The Carnegie Endowment for International Peace has just published a new policy brief by George Perkovich, Vice President for Studies and Director of the Nonproliferation Program, entitled, "Iran Says 'No' - Now What?" Perkovich argues that the cost of defiance of United Nations Security Council demands for Iran to halt enrichment activities should be greater, but the benefits of cooperation should also be greater. Perkovich offers a three-step approach for the next U.S. president:
• Give Iran one last, time-limited chance to negotiate suspension of its fuel-cycle-related activities. The European Union, Russia, China, and the United States have consistently increased offers of incentives to Iran without signs that Iran is willing to negotiate at all. Interlocutors should set a date to stop bidding unless Iran clarifies that there are conditions under which it would suspend.
• If Iran rejects the opportunity, break off negotiations and focus on developing a consensus to maintain international sanctions as long as Iran remains in violation of Security Council and IAEA resolutions. Rather than defending a redline Iran already crossed, the United States should build resolve within the UN Security Council and among allies for continued sanctions and robust consequences should evidence emerge of new Iranian weaponization activities.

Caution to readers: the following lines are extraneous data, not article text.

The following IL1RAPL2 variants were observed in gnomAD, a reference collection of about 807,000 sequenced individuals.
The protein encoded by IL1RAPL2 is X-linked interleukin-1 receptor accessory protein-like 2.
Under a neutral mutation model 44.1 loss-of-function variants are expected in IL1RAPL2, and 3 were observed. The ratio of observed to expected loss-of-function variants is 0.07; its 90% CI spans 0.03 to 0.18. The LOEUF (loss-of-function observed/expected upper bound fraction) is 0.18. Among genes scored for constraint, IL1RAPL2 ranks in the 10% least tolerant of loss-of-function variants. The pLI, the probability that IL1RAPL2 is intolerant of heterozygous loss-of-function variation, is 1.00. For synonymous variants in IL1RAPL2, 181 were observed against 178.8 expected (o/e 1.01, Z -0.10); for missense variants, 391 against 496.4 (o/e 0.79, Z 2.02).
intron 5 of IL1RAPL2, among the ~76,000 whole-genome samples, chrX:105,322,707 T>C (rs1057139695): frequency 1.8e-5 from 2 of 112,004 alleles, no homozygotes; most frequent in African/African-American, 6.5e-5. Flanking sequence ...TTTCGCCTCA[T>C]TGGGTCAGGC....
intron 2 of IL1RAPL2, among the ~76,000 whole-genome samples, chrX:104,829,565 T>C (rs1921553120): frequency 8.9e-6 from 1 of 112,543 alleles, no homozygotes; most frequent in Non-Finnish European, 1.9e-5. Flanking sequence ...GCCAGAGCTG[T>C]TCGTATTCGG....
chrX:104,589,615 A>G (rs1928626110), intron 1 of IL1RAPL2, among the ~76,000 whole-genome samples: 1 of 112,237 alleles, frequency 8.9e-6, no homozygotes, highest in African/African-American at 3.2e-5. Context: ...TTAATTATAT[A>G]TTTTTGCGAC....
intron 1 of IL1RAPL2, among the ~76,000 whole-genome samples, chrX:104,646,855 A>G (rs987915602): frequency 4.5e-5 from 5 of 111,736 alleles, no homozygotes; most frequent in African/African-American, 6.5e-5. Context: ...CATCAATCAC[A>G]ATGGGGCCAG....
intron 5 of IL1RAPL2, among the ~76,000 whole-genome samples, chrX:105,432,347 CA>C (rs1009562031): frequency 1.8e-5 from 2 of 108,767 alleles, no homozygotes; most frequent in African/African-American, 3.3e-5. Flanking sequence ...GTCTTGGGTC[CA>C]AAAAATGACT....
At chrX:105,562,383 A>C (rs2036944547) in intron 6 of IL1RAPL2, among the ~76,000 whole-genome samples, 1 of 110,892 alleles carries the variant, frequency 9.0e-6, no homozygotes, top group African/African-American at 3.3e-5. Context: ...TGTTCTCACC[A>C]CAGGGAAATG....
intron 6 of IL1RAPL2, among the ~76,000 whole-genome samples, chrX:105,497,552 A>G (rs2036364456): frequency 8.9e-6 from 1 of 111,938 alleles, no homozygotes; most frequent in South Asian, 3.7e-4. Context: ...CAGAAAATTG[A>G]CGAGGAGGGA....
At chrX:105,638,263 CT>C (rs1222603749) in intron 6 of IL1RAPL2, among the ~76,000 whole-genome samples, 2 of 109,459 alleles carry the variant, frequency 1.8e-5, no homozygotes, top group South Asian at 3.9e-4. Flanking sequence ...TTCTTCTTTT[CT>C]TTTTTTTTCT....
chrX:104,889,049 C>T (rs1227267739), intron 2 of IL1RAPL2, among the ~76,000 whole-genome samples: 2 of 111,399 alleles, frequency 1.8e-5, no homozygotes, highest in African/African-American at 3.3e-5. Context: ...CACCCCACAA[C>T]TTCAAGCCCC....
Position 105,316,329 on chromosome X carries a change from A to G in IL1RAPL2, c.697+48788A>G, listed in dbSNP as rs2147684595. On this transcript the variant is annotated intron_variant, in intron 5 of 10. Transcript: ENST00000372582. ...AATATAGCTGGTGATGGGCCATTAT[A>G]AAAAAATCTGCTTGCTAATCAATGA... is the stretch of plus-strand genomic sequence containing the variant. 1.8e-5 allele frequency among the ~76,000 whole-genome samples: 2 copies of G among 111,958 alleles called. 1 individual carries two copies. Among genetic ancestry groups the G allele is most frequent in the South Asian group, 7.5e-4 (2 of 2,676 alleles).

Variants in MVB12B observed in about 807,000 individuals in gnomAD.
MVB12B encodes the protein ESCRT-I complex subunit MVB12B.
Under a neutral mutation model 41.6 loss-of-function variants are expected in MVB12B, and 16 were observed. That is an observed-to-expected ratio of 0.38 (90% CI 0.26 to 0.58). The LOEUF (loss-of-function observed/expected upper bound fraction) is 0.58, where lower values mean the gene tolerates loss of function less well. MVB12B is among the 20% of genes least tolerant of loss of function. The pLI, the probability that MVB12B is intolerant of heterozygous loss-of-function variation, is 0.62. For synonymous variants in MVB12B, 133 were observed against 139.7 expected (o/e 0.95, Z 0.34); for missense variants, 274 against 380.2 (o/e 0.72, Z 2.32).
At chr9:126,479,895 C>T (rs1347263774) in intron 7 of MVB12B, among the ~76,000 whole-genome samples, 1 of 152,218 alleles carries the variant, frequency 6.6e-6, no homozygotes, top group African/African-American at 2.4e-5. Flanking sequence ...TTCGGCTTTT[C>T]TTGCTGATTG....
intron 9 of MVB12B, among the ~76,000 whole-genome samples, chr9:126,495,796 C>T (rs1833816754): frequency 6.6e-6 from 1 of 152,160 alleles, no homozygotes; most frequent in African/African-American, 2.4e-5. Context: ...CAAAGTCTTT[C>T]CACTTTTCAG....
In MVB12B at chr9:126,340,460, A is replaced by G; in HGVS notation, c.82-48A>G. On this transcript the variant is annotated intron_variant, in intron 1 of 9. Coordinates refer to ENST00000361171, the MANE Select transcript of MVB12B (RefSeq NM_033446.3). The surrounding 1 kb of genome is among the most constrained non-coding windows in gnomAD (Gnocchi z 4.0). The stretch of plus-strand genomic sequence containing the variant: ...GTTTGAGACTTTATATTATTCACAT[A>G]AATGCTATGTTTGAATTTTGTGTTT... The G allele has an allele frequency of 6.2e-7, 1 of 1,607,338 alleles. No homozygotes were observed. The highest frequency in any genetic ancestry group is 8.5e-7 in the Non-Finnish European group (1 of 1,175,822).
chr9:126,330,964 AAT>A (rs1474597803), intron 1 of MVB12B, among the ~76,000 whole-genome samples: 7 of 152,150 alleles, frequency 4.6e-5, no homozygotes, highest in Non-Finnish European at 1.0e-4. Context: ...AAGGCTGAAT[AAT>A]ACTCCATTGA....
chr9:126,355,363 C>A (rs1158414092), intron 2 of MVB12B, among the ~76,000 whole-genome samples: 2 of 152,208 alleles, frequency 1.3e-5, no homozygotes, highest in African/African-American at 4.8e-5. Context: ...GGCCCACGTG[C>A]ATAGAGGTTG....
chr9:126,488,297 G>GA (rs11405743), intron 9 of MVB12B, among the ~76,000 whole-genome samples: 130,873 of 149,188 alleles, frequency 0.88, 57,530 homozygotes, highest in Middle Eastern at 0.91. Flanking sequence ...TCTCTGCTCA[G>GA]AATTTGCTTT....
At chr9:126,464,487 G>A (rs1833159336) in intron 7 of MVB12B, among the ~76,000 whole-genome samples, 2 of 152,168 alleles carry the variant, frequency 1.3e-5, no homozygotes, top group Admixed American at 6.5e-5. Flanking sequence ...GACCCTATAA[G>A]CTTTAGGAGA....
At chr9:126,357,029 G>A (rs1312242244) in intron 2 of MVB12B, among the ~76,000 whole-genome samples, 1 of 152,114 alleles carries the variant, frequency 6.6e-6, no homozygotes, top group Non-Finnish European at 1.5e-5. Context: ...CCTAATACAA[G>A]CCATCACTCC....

• Finally, clarify the international redline. Even if Iran is able to weather sanctions, it may be persuaded to accept stringent safeguards and verifications inspections to prevent weaponization. Iran insists it has the right to enrich uranium for peaceful purposes, but the international community could define its redline for Iran as weaponization, further violation of nonproliferation obligations, or withdrawal from the NPT. The United States and the Security Council should insist on an understanding that the use of military force would be authorized should evidence of ongoing weaponization activities emerge. However, military force must be limited to enforcement of nonproliferation obligations and not encompass a wider campaign to weaken or destroy the Iranian government.